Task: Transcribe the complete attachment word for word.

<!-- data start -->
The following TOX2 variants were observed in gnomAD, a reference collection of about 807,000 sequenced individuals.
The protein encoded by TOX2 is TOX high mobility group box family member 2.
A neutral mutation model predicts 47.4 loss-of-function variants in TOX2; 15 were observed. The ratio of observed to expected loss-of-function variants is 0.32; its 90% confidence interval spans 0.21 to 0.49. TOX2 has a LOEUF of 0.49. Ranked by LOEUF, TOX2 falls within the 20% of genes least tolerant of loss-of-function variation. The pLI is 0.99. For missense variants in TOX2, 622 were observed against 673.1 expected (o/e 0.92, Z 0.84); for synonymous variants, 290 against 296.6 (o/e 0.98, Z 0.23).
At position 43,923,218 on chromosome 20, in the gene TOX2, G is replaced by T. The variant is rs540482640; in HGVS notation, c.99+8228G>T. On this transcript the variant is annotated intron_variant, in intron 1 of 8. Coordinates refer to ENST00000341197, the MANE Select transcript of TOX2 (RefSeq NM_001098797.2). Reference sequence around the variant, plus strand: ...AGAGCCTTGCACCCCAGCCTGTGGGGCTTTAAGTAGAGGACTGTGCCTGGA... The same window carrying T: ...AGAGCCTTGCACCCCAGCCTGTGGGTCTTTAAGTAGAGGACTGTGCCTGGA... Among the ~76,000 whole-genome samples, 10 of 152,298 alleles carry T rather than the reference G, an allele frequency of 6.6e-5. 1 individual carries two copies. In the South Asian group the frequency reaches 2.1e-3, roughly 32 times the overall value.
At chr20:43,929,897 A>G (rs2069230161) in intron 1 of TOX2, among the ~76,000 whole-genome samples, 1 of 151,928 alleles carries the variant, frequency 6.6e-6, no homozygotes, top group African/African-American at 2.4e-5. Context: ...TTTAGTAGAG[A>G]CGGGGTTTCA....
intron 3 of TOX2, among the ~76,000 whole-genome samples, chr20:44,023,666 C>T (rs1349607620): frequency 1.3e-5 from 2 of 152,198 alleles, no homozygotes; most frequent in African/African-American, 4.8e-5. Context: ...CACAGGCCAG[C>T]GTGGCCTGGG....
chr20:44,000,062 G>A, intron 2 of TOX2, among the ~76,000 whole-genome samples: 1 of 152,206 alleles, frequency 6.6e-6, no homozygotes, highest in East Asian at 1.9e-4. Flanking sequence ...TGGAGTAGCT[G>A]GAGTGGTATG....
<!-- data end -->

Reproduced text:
The following TOX2 variants were observed in gnomAD, a reference collection of about 807,000 sequenced individuals.
The protein encoded by TOX2 is TOX high mobility group box family member 2.
A neutral mutation model predicts 47.4 loss-of-function variants in TOX2; 15 were observed. The ratio of observed to expected loss-of-function variants is 0.32; its 90% confidence interval spans 0.21 to 0.49. TOX2 has a LOEUF of 0.49. Ranked by LOEUF, TOX2 falls within the 20% of genes least tolerant of loss-of-function variation. The pLI is 0.99. For missense variants in TOX2, 622 were observed against 673.1 expected (o/e 0.92, Z 0.84); for synonymous variants, 290 against 296.6 (o/e 0.98, Z 0.23).
At position 43,923,218 on chromosome 20, in the gene TOX2, G is replaced by T. The variant is rs540482640; in HGVS notation, c.99+8228G>T. On this transcript the variant is annotated intron_variant, in intron 1 of 8. Coordinates refer to ENST00000341197, the MANE Select transcript of TOX2 (RefSeq NM_001098797.2). Reference sequence around the variant, plus strand: ...AGAGCCTTGCACCCCAGCCTGTGGGGCTTTAAGTAGAGGACTGTGCCTGGA... The same window carrying T: ...AGAGCCTTGCACCCCAGCCTGTGGGTCTTTAAGTAGAGGACTGTGCCTGGA... Among the ~76,000 whole-genome samples, 10 of 152,298 alleles carry T rather than the reference G, an allele frequency of 6.6e-5. 1 individual carries two copies. In the South Asian group the frequency reaches 2.1e-3, roughly 32 times the overall value.
At chr20:43,929,897 A>G (rs2069230161) in intron 1 of TOX2, among the ~76,000 whole-genome samples, 1 of 151,928 alleles carries the variant, frequency 6.6e-6, no homozygotes, top group African/African-American at 2.4e-5. Context: ...TTTAGTAGAG[A>G]CGGGGTTTCA....
intron 3 of TOX2, among the ~76,000 whole-genome samples, chr20:44,023,666 C>T (rs1349607620): frequency 1.3e-5 from 2 of 152,198 alleles, no homozygotes; most frequent in African/African-American, 4.8e-5. Context: ...CACAGGCCAG[C>T]GTGGCCTGGG....
chr20:44,000,062 G>A, intron 2 of TOX2, among the ~76,000 whole-genome samples: 1 of 152,206 alleles, frequency 6.6e-6, no homozygotes, highest in East Asian at 1.9e-4. Flanking sequence ...TGGAGTAGCT[G>A]GAGTGGTATG....